Yesterday, Monsanto’s mother company, Bayer, was dealt another serious blow when after less than two full days of deliberations, a California jury ordered Monsanto to pay just over $2 billion to Alberta and Alva Pilliod. The jury felt the couple was due the large sum of punitive and compensatory damages after they both developed non-Hodgkin lymphoma from their many years of Roundup use.

Pilliod v. Monsanto is the third Roundup cancer case to go to trial. The first two trials also found that Monsanto’s glyphosate-based herbicides can (and do) cause cancer and that Monsanto has known that for a long time and simply covered it up. (Something they deny.) In solidarity, both Johnson and Hardeman attended closing arguments during the Pilliod trial.


Alva Pilliod was diagnosed in 2011 with non-Hodgkin lymphoma that spread from his bones to his pelvis and spine, and his wife Alberta was diagnosed with non-Hodgkin lymphoma brain cancer in 2015. Thankfully, they are both in remission. The couple, both in their 70s, started using Roundup in the 1970s and only discontinued use a couple years ago.

During the three trials, not only have scientific studies showing the dangers of glyphosate been presented, but attorneys have “presented jurors with many internal Monsanto communications obtained through court-ordered discovery that show Monsanto has intentionally manipulated the public record to hide the cancer risks.”1

Here are a couple “revelations” that have come from the trials:1

  • Monsanto has never conducted epidemiology studies for Roundup and its other formulations made with the active ingredient glyphosate to evaluate the cancer risks for users.
  • Monsanto was aware that the surfactants in Roundup were much more toxic than glyphosate alone.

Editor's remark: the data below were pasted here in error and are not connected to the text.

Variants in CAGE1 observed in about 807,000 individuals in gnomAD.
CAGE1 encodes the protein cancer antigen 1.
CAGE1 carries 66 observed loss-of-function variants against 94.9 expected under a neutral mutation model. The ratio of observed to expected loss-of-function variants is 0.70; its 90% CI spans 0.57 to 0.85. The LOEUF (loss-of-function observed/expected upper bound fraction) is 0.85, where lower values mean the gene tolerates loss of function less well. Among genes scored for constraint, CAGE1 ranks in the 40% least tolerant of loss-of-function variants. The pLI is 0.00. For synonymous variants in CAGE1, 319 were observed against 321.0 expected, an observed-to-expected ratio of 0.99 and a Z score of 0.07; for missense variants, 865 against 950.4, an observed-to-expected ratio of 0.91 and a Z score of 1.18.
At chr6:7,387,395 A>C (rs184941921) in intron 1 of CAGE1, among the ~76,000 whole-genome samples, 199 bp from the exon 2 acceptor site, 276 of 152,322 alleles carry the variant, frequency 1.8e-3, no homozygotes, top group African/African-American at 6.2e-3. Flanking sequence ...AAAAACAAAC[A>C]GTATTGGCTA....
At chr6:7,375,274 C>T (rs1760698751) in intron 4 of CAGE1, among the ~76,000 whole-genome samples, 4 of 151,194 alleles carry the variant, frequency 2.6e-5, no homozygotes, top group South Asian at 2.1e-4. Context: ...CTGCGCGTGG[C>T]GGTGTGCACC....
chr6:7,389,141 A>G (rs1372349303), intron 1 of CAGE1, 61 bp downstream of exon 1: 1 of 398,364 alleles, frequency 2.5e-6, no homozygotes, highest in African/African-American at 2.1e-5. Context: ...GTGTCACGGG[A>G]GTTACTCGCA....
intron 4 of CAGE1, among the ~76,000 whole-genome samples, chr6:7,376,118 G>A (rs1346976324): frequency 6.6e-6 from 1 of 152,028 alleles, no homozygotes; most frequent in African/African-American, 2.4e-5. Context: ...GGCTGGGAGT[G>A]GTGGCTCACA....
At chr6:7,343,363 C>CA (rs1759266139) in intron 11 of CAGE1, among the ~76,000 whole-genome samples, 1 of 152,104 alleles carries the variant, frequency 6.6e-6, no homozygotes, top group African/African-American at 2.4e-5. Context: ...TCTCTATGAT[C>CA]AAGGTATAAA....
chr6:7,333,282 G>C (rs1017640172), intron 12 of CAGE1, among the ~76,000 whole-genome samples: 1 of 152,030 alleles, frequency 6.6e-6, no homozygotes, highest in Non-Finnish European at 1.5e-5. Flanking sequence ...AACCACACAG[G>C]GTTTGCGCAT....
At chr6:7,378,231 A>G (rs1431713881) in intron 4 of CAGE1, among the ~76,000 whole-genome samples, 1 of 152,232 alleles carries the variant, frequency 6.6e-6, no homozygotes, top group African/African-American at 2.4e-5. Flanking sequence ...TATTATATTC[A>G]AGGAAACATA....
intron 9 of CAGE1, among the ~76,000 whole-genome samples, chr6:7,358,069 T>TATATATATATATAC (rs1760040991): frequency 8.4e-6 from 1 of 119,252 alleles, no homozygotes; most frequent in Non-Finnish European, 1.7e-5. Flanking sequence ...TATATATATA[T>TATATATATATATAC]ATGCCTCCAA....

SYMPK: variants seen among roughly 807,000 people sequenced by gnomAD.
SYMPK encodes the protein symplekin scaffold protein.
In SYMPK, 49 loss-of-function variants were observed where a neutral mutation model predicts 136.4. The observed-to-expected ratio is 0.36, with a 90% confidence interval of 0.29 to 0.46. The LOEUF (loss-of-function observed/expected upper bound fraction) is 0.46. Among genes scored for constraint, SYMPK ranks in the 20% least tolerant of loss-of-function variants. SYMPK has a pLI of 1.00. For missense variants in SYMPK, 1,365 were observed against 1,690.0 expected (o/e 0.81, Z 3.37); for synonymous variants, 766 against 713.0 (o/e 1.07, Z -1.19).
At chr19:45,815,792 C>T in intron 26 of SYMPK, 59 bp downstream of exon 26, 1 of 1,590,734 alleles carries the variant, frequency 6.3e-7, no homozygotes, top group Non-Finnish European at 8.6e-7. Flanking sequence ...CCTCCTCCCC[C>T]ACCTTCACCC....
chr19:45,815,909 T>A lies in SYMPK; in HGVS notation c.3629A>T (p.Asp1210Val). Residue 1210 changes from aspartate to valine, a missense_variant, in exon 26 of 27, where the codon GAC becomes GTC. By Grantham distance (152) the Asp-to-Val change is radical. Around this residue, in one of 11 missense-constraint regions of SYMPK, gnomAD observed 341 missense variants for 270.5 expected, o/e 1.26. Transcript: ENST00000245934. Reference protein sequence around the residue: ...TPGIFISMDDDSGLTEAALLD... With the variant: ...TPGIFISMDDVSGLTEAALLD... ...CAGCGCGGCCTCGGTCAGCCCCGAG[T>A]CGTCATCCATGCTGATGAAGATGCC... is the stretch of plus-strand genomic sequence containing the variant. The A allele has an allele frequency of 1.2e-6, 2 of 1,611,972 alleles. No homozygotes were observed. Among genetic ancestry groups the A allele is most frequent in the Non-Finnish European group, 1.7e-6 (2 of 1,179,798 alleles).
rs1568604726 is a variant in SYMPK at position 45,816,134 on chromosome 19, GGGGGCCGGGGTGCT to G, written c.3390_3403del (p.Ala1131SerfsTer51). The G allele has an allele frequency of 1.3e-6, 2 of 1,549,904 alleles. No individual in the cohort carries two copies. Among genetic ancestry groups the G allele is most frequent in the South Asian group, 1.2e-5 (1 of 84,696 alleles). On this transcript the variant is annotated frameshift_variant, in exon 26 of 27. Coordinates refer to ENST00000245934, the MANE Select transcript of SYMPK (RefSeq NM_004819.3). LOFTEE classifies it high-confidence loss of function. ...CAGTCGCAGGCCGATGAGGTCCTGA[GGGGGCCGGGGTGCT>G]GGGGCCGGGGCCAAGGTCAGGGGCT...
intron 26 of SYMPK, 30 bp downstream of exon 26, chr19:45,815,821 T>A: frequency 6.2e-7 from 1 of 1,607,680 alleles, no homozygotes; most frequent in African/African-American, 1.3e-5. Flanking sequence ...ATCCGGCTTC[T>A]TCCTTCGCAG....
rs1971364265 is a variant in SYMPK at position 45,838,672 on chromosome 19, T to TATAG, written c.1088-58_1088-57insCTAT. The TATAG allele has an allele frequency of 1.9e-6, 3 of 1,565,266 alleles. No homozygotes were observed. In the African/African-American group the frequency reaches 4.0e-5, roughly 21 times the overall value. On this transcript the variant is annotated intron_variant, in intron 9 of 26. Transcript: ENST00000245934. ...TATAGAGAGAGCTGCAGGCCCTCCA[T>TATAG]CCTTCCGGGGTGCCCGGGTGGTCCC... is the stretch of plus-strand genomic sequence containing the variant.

• Monsanto spent millions of dollars on covert public relations campaigns to finance ghostwritten studies and articles aimed at discrediting independent scientists whose work found dangers with Monsanto’s herbicides.
  • The EPA helped to delay a review of glyphosate’s toxicity after the US Agency for Toxic Substances and Disease Registry sought an eval in 2015.
  • Monsanto enjoyed a close relationship with certain officials within the Environmental Protection Agency (EPA), who have repeatedly backed Monsanto’s assertions about the safety of its glyphosate products.
  • The company internally had worker safety recommendations that called for wearing a full range of protective gear when applying glyphosate herbicides, but did not warn the public to do the same.

In yet another trial, Monsanto has demonstrated that they do not care about public health, just making money. Instead of investing in good, sound science they have continually “invested millions in attacking science that threatened their business agenda.”1

Bayer issued a statement and like in every other case (and each one of the thousands currently on the docket) plan to appeal:

“Bayer is disappointed with the jury’s decision and will appeal the verdict in this case, which conflicts directly with the U.S. Environmental Protection Agency’s interim registration review decision released just last month, the consensus among leading health regulators worldwide that glyphosate-based products can be used safely and that glyphosate is not carcinogenic, and the 40 years of extensive scientific research on which their favorable conclusions are based.

We have great sympathy for Mr. and Mrs. Pilliod, but the evidence in this case was clear that both have long histories of illnesses known to be substantial risk factors for non-Hodgkin’s lymphoma (NHL), most NHL has no known cause, and there is not reliable scientific evidence to conclude that glyphosate-based herbicides were the “but for” cause of their illnesses as the jury was required to find in this case.”1

For the jury to order punitive damages, they had to find that people acting on behalf of Monsanto had “engaged in conduct with malice, oppression or fraud committed by one or more officers, directors or managing agents of Monsanto.”

And they did.

Below is the breakdown of the award1:

Alva Pilliod- Compensatory:

  • Past economic – $47,296.01
  • Past non-economic loss – $8 million
  • Future non-economic loss – $10 million
  • Punitive damages – $1 billion

Alberta Pilliod- Compensatory:

  • Past economic – $201,166.76
  • Past non-economic – $8 million
  • Future economic  – $2,957,710
  • Future non-economic – $26 million
  • Punitive damages – $1 billion

TOTAL – $2.055 billion  

A federal judge ordered Bayer to begin mediation with the Pilliod’s attorneys and a hearing is set for next week in San Francisco. This newest verdict is expected to further erode Bayer AG’s market value. Since the first verdict, Johnson, was announced, shares have dropped more than 40 percent.



  1. US Right To Know